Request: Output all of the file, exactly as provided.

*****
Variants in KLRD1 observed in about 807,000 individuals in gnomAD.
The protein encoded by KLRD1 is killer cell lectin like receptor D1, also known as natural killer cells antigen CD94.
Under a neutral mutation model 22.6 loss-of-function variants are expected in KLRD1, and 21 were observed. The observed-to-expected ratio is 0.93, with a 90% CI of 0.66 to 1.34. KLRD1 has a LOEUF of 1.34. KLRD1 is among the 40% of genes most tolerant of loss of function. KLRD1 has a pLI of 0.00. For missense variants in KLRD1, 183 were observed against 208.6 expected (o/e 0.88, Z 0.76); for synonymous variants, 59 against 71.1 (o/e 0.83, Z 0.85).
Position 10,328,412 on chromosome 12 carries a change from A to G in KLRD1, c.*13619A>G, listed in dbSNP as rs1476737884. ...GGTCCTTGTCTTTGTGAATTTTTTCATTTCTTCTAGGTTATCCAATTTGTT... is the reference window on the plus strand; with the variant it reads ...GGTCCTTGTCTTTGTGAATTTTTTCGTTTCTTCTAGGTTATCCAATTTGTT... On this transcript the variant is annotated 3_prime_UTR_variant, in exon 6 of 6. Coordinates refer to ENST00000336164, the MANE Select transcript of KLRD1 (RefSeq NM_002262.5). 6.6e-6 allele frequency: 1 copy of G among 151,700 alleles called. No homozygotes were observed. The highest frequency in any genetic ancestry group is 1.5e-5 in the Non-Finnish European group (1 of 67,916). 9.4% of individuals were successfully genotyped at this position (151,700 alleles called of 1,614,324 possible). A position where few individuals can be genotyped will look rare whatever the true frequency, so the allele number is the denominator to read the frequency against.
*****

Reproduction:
Variants in KLRD1 observed in about 807,000 individuals in gnomAD.
The protein encoded by KLRD1 is killer cell lectin like receptor D1, also known as natural killer cells antigen CD94.
Under a neutral mutation model 22.6 loss-of-function variants are expected in KLRD1, and 21 were observed. The observed-to-expected ratio is 0.93, with a 90% CI of 0.66 to 1.34. KLRD1 has a LOEUF of 1.34. KLRD1 is among the 40% of genes most tolerant of loss of function. KLRD1 has a pLI of 0.00. For missense variants in KLRD1, 183 were observed against 208.6 expected (o/e 0.88, Z 0.76); for synonymous variants, 59 against 71.1 (o/e 0.83, Z 0.85).
Position 10,328,412 on chromosome 12 carries a change from A to G in KLRD1, c.*13619A>G, listed in dbSNP as rs1476737884. ...GGTCCTTGTCTTTGTGAATTTTTTCATTTCTTCTAGGTTATCCAATTTGTT... is the reference window on the plus strand; with the variant it reads ...GGTCCTTGTCTTTGTGAATTTTTTCGTTTCTTCTAGGTTATCCAATTTGTT... On this transcript the variant is annotated 3_prime_UTR_variant, in exon 6 of 6. Coordinates refer to ENST00000336164, the MANE Select transcript of KLRD1 (RefSeq NM_002262.5). 6.6e-6 allele frequency: 1 copy of G among 151,700 alleles called. No homozygotes were observed. The highest frequency in any genetic ancestry group is 1.5e-5 in the Non-Finnish European group (1 of 67,916). 9.4% of individuals were successfully genotyped at this position (151,700 alleles called of 1,614,324 possible). A position where few individuals can be genotyped will look rare whatever the true frequency, so the allele number is the denominator to read the frequency against.